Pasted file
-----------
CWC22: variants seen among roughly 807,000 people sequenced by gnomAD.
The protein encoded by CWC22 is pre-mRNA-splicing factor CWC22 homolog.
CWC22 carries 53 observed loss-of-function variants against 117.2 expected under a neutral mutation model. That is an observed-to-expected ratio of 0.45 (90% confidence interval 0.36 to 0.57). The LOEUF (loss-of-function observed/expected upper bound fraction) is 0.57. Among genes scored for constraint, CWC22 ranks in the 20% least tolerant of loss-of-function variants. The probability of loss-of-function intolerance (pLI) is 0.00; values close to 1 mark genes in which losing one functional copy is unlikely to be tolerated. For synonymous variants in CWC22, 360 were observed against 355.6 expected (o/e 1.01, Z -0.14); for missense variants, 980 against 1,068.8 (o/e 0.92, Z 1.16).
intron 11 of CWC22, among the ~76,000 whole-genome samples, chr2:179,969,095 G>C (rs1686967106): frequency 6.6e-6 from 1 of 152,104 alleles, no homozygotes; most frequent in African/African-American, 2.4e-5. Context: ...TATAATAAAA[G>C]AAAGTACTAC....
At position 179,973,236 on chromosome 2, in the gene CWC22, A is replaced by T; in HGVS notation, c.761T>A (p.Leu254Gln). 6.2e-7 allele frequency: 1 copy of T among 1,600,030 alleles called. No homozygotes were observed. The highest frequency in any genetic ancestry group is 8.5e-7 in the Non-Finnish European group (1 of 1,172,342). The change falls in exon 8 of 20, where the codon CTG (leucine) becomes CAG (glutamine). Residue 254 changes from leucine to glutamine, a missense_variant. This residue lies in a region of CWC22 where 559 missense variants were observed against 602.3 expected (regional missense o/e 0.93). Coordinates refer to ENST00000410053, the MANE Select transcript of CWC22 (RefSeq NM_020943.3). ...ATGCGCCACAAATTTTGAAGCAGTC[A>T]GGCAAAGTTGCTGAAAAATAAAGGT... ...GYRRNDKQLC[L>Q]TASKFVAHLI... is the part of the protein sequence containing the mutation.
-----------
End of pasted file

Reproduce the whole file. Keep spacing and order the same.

CWC22: variants seen among roughly 807,000 people sequenced by gnomAD.
The protein encoded by CWC22 is pre-mRNA-splicing factor CWC22 homolog.
CWC22 carries 53 observed loss-of-function variants against 117.2 expected under a neutral mutation model. That is an observed-to-expected ratio of 0.45 (90% confidence interval 0.36 to 0.57). The LOEUF (loss-of-function observed/expected upper bound fraction) is 0.57. Among genes scored for constraint, CWC22 ranks in the 20% least tolerant of loss-of-function variants. The probability of loss-of-function intolerance (pLI) is 0.00; values close to 1 mark genes in which losing one functional copy is unlikely to be tolerated. For synonymous variants in CWC22, 360 were observed against 355.6 expected (o/e 1.01, Z -0.14); for missense variants, 980 against 1,068.8 (o/e 0.92, Z 1.16).
intron 11 of CWC22, among the ~76,000 whole-genome samples, chr2:179,969,095 G>C (rs1686967106): frequency 6.6e-6 from 1 of 152,104 alleles, no homozygotes; most frequent in African/African-American, 2.4e-5. Context: ...TATAATAAAA[G>C]AAAGTACTAC....
At position 179,973,236 on chromosome 2, in the gene CWC22, A is replaced by T; in HGVS notation, c.761T>A (p.Leu254Gln). 6.2e-7 allele frequency: 1 copy of T among 1,600,030 alleles called. No homozygotes were observed. The highest frequency in any genetic ancestry group is 8.5e-7 in the Non-Finnish European group (1 of 1,172,342). The change falls in exon 8 of 20, where the codon CTG (leucine) becomes CAG (glutamine). Residue 254 changes from leucine to glutamine, a missense_variant. This residue lies in a region of CWC22 where 559 missense variants were observed against 602.3 expected (regional missense o/e 0.93). Coordinates refer to ENST00000410053, the MANE Select transcript of CWC22 (RefSeq NM_020943.3). ...ATGCGCCACAAATTTTGAAGCAGTC[A>T]GGCAAAGTTGCTGAAAAATAAAGGT... ...GYRRNDKQLC[L>Q]TASKFVAHLI... is the part of the protein sequence containing the mutation.